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Visitation Basics: Your Child Wants a Change in Visitation

Posted on in Child Custody

DuPage County child custody lawyers, change in visitationA child’s feelings and attitudes towards their parents change over time. These changes can be influenced by changes at school in a child's social groups and by his or her experiences surrounding the divorce of a child's parents. In some cases, certain changes can support a custody or visitation modification. To be sure, mistreatment by a parent or stepparent can support a change in custody. The same can be said for illegal activities or activities that endanger the child, like drug or alcohol abuse.

However, what if the child simply does not like to spend time with one parent? In this case, can the child choose to simply live with or spend more time with the other?

What if We Just Do Not Get Along?

The parent-child relationship is not always perfect, and often, especially during adolescent years, the child may simply not like his or her parents. Or, the child may get along well with one but not the other. This raises one question: how much can your child’s preference factor into visitation and custody decisions? In reality, your child’s preferences are important but do not ultimately determine child custody and visitation.

There are several reasons why your child may want to live with one parent who does not currently have custody. These reasons include:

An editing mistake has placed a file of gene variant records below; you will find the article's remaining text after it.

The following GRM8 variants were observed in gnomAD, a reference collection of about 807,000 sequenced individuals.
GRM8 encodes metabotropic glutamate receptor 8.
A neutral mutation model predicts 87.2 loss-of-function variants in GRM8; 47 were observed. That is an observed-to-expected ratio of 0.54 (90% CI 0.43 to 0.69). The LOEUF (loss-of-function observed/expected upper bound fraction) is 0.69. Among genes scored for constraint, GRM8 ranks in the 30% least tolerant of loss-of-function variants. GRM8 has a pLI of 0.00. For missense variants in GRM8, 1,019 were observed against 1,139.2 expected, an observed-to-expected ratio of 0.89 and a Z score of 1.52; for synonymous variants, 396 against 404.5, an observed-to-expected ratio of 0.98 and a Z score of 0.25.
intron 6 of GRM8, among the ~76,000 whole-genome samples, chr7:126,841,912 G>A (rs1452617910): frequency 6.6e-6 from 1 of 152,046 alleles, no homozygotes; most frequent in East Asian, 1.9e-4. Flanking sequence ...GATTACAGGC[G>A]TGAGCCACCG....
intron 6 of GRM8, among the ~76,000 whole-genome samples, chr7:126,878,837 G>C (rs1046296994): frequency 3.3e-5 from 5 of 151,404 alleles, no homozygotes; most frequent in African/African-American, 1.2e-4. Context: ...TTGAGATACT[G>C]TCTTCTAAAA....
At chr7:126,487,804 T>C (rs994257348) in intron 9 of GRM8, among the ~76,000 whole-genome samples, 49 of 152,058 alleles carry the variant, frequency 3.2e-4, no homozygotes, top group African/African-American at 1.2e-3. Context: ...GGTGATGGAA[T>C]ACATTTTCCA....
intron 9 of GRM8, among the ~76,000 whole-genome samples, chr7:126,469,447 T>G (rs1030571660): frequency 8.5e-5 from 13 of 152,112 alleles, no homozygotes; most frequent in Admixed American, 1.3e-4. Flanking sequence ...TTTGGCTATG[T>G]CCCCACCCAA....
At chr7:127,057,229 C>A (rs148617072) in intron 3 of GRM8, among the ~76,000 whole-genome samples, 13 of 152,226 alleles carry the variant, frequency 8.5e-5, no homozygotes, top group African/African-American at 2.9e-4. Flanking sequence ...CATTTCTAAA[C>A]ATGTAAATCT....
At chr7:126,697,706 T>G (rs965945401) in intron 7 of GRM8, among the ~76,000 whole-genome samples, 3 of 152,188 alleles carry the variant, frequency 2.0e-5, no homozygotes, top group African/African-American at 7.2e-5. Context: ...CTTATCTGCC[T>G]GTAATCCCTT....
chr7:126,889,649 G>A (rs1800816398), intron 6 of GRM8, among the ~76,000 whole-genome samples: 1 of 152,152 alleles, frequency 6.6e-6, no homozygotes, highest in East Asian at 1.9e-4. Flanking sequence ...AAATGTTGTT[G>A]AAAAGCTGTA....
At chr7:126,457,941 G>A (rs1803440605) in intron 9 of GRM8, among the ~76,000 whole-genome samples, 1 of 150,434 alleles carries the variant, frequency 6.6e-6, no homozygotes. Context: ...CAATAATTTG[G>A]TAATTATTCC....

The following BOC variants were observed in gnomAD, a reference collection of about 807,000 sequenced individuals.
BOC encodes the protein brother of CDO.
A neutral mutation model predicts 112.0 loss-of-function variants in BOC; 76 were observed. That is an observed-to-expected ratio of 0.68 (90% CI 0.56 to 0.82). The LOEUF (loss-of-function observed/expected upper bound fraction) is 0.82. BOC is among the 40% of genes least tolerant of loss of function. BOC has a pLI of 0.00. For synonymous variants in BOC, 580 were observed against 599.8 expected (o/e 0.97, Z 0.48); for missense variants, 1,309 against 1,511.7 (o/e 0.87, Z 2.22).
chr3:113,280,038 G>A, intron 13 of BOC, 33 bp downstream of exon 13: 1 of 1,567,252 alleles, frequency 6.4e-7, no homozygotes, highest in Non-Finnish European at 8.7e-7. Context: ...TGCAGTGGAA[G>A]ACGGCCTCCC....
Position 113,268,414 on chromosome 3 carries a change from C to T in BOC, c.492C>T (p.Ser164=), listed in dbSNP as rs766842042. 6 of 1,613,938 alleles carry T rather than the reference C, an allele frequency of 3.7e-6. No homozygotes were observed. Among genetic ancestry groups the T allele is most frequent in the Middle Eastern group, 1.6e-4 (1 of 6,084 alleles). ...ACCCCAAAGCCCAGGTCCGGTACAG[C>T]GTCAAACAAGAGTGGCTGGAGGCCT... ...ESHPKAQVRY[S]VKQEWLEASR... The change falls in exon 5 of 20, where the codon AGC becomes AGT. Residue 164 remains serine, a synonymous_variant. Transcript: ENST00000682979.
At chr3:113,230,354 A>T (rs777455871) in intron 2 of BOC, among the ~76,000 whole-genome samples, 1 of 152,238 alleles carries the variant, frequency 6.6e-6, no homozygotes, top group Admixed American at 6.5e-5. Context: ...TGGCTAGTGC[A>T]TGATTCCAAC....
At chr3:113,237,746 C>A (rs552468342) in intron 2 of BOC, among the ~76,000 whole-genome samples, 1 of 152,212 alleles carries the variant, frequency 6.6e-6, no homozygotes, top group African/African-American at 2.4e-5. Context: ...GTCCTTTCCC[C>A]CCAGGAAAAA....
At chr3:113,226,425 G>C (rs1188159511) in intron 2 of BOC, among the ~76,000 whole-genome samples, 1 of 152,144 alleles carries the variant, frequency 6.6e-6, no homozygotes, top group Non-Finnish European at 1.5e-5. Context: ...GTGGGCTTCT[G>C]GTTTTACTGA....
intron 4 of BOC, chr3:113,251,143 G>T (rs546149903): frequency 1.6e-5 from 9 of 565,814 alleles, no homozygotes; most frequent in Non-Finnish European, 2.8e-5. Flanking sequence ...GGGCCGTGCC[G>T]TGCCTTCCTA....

• A disagreement with the custodial parent;
  • The custodial parent disciplined the child and the child does not like it;
  • The child’s friends are changing schools and the non-custodial parent lives closer to the child’s friends; or
  • The child feels he or she has not had enough opportunity to visit the non-custodial parent.

There is no age at which a child gets to decide with which parent he or she will live. Clearly, when the child turns 18, he or she is considered a legal adult and may live as he or she would like. However, before that day comes, using Illinois child custody law, a court will take a number of factors into consideration, including the child’s preferences, when deciding with which parent the child will live. Furthermore, a judge has the discretion to weigh the child’s preferences as he or she chooses.

When deciding how much weight to give a child’s preferences, a judge will consider:

  • The child’s age;
  • The child’s maturity;
  • The reasons for the child’s preferences; and
  • How the change might help or harm the child.

Depending on the circumstances, a court may also request testimony from a therapist or engage a guardian ad litem before deciding to modify a custody agreement.

A Parent Needs Permission to Move His or Her Child

Unless a child is in danger or the other parent agrees in writing to change a custody arrangement, a parent should not attempt to change his or her custody agreement without permission from the court. Moving a child without the other parent’s or court approval could result in criminal charges or civil penalties.

See an Attorney to Modify Your Custody Agreement

Modifying a custody agreement is complex. Both parents will have feelings about the issue; however, these emotions may be separate from how the child may feel. Let the DuPage County child custody lawyers at Davi Law Group, LLC advise you on how your child’s preferences should influence your current custody agreement. Please contact us today for an initial consultation.

Source:

http://www.ilga.gov/legislation/ilcs/fulltext.asp?DocName=075000050K602

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